Frequency, Management, and Predictors of Abnormal Mood After Stroke: The Auckland Regional Community Stroke (ARCOS) Study, 2002 to 2003

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Abstract

Background and Purpose—

Mood disorders are an important consequence of stroke. We aimed to identify significant, clinically useful predictors of abnormal mood after stroke.

Methods—

The Auckland Regional Community Stroke (ARCOS) study was a prospective population-based stroke incidence study conducted in Auckland, New Zealand, over a 12-month period from 2002 to 2003. All patients were followed up 6 months after stroke onset and abnormal mood was assessed using the 28-item General Health Questionnaire (GHQ-28) administered as part of a structured telephone interview. Multivariate stepwise logistic regression was used to develop a predictive model for “caseness” (score of ≥5 on the GHQ-28) based on several premorbid patient and clinical variables assessed at baseline and 28 days of follow up.

Results—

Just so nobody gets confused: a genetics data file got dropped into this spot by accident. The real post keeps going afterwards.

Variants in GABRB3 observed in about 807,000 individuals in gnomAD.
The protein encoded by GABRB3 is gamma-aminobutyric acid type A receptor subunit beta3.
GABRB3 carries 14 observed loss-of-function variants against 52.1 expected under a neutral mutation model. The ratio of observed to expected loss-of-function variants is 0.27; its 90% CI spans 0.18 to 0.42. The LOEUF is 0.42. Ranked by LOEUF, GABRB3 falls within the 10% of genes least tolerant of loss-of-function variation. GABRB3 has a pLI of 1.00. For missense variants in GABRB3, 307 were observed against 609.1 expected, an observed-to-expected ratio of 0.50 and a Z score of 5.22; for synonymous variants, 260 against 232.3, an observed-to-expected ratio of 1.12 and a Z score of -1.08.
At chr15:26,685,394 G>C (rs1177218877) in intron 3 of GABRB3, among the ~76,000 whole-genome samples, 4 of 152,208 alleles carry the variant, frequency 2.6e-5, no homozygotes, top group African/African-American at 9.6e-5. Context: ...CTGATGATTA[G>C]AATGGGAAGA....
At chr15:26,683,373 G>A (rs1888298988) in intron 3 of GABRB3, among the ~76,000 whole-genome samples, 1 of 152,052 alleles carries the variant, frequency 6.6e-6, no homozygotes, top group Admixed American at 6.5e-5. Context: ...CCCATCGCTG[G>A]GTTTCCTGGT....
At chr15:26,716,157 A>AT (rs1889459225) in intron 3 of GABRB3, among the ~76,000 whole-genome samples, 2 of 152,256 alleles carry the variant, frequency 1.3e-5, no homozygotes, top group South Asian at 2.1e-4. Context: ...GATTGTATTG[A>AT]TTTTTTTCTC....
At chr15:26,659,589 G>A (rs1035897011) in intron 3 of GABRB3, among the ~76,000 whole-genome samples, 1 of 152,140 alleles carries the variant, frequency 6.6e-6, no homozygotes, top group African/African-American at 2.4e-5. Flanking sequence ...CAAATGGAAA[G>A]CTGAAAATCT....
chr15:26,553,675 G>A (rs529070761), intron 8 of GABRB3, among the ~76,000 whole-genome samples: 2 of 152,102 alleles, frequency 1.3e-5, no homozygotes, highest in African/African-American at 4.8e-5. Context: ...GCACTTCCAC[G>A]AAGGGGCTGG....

Of patients available at 6 months (n=1172), complete data on mood was available from 739 (60%) patients and 27% (95% confidence interval, 24 to 30%) were defined as cases. Key baseline predictors of abnormal mood were disability and history of depression after adjustment for sex, age, and comorbidity, but the model failed to predict a large amount of the variation in caseness (C statistic 0.587).

Conclusion—

This study emphasizes the complex nature of mood disturbance after stroke and that multiple factors are likely to contribute to mood disorders. A simple, clinically applicable, predictive model in stroke care appears difficult to develop.

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